I also lost some conservative readers when, while remarking that it saddened me how insulting to the president’s supporters it was, I admitted that I found the giant inflatable Trump baby at the convention to be “pretty funny satire.”

Here again I was open about my progressive viewpoint, and I think it would be disingenuous to deny that I find this sort of humor amusing. But in my writing that paragraph, I actually went through the thought exercise of imagining my emotional reaction to a perverse caricature of President Obama in balloon form, and it was clear to me how much ill will this could create.

I think it’s always a worthwhile exercise for both sides to go through, donning the viewpoint of our opposites, and it helps us to step back from our innate tendencies, and recognize how they can sometimes be unproductive.

This speaks to the challenge not just for a columnist within our Conversation page, but indeed for all of Better Angels. As an organization we encourage our workshop participants to honestly represent their viewpoints, with the promise that those views will be received with empathy and understanding, rather than judgment and contempt. We emphasize that each person’s experiences are their own, and that expressing them doesn’t expose them to the possibility they’ll be denied.

Perhaps in expressing my skepticism of the experiences of those on the right, I missed the point of my own piece. On the other hand, what I consider so important is intent. We all say things less than perfectly sometimes, but if someone approaches a conversation with the aim of growing their own realm of understanding, we should extend them our good faith. We should allow them to say things with which we don’t agree with the assumption that this viewpoint reflects their own life experience, rather than any negative factors, like closed-mindedness or ill intent.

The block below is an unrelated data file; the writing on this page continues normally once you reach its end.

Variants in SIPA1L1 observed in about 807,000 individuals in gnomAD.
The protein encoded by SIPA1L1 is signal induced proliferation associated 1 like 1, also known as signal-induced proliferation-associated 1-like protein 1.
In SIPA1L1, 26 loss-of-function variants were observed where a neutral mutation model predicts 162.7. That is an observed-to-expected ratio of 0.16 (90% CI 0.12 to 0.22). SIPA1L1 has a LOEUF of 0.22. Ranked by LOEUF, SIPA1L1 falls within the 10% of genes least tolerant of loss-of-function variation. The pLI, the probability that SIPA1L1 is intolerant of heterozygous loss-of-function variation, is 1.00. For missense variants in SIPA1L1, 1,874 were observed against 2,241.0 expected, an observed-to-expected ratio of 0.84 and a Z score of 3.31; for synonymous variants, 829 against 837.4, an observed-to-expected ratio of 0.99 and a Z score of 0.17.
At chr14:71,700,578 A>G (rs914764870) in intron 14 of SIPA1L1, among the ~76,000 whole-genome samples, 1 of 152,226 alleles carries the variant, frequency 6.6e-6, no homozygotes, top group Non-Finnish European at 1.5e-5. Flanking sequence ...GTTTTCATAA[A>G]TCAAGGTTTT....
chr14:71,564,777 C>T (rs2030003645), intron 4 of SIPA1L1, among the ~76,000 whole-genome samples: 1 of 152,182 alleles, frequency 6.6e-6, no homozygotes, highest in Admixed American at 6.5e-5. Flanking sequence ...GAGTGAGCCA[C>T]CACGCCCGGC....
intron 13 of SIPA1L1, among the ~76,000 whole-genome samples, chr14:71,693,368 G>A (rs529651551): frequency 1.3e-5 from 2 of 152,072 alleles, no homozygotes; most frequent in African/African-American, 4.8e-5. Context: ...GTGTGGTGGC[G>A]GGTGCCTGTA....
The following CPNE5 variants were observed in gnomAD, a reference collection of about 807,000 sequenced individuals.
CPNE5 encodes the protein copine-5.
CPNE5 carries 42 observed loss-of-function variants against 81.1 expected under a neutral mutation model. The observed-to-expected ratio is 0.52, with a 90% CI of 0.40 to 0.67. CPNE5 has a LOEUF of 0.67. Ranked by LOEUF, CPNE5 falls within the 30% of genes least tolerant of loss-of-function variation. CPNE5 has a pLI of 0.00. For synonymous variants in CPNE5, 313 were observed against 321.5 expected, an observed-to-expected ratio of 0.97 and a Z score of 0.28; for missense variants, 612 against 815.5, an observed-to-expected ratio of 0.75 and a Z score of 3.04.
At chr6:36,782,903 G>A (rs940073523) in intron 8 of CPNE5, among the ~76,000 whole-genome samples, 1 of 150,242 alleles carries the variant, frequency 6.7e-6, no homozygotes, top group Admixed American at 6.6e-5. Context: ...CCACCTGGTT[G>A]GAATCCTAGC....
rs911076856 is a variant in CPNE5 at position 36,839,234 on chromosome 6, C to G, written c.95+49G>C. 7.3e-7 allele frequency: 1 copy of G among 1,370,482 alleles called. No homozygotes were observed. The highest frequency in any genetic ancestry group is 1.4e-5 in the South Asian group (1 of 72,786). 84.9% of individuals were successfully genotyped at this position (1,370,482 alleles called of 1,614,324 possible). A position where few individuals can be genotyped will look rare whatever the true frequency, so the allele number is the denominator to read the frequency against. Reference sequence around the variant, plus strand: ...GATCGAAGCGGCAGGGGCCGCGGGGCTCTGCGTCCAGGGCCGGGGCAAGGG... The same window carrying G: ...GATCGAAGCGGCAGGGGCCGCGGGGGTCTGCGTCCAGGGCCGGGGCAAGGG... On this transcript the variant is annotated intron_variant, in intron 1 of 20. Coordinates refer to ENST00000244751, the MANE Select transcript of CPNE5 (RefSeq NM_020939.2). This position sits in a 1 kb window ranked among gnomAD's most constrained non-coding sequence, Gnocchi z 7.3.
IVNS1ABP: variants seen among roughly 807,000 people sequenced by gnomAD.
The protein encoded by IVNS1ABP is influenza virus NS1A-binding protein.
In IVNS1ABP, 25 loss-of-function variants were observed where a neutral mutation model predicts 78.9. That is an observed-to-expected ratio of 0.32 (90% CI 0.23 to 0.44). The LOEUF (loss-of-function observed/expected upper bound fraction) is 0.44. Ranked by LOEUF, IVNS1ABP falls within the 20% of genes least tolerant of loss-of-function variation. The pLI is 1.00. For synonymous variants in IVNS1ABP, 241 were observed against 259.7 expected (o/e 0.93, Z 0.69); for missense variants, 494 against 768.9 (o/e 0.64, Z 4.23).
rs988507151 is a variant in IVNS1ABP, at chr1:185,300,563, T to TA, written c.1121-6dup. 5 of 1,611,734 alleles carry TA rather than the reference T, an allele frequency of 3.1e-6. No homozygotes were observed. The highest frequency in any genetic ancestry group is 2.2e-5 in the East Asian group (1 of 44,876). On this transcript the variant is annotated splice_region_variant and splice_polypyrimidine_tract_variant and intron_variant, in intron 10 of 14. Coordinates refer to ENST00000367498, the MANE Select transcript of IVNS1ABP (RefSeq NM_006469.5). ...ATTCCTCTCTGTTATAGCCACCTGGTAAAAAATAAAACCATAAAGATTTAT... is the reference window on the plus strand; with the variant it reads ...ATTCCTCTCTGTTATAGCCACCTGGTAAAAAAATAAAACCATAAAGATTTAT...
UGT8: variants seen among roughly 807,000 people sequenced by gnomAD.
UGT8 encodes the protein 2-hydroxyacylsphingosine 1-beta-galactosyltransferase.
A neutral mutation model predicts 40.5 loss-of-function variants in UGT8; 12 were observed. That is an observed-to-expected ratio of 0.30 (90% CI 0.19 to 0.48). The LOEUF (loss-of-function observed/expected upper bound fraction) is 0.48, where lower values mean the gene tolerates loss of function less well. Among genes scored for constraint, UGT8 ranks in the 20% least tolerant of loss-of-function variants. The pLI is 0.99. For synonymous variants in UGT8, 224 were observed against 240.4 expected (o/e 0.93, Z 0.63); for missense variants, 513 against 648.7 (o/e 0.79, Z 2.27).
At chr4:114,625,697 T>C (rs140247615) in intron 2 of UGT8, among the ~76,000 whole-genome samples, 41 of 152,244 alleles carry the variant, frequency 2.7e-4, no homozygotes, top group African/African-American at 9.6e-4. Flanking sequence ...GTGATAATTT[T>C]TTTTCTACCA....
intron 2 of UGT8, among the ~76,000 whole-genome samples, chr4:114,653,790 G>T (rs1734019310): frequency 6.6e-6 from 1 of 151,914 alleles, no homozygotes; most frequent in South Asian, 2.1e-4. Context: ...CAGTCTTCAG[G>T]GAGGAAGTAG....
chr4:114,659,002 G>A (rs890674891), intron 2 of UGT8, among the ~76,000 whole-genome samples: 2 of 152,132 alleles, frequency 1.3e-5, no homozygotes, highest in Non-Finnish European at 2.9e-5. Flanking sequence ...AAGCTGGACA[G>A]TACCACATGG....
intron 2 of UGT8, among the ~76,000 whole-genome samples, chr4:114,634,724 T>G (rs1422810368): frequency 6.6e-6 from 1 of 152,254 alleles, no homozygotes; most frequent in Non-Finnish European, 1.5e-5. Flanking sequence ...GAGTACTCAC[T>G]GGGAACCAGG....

It is my hope that through our work at Better Angels we can develop our abilities to see the best in one another. I’ll certainly be working on this within myself. That approach is key to our ability to resume our national conversation.  Let’s make it an honest conversation.

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7 thoughts on “Walking the Line”

  1. Randy, I appreciate that you read and have responded to the comments on your previous post. I think you still fail to differentiate between hurt feelings and physical harm. It is certainly disgusting how people can behave – on any side of the political spectrum – but to justify the destruction of people’s livelihoods, reputations or peacful assembly because you do not like their political beliefs or life philosophy is exactly what you glossed over.
    I was very clear in my comment – my business was destroyed by a progressive who enjoined others to ostracize me – not due to the quality of my work or anything I had said – but because I volunteered on a political campaign. I did not bring this up in conversation, it was separate from my work. Five years later – my husband was terminated from a business he had turned around and spent 4 years dedictaed to – it was a non-profit helping people rebuild their lives. One of the board members wanted his job and when he was railing about Trump and expected my husband to agree and he quietly said “I’m a concervative” – well two days later the man began his campaign to undermine and enjoined three employees to create a web of lies. These people knew us and knew if they called in the middle of the night for help – three minutes later we would be on our way – yet envy – selfishness and virtue signaling over something having nothing to do with the mission of the organization nearly bankrupted our family and sadly enough – the egoism of our virtue signaler has also impacted the organization – which is no on a downward trajectory. The support of a candidate or politician that is of a different party or belief system than my neighbors or business associates does not justify in any way shape or form their effort to purposefully destroy my ability to earn an income or live in peace in my neighborhood. The fact that people in the past the same color as me did awful things does not make me culpable – to believe so and treat me as if I am guilty of others sins is called racism.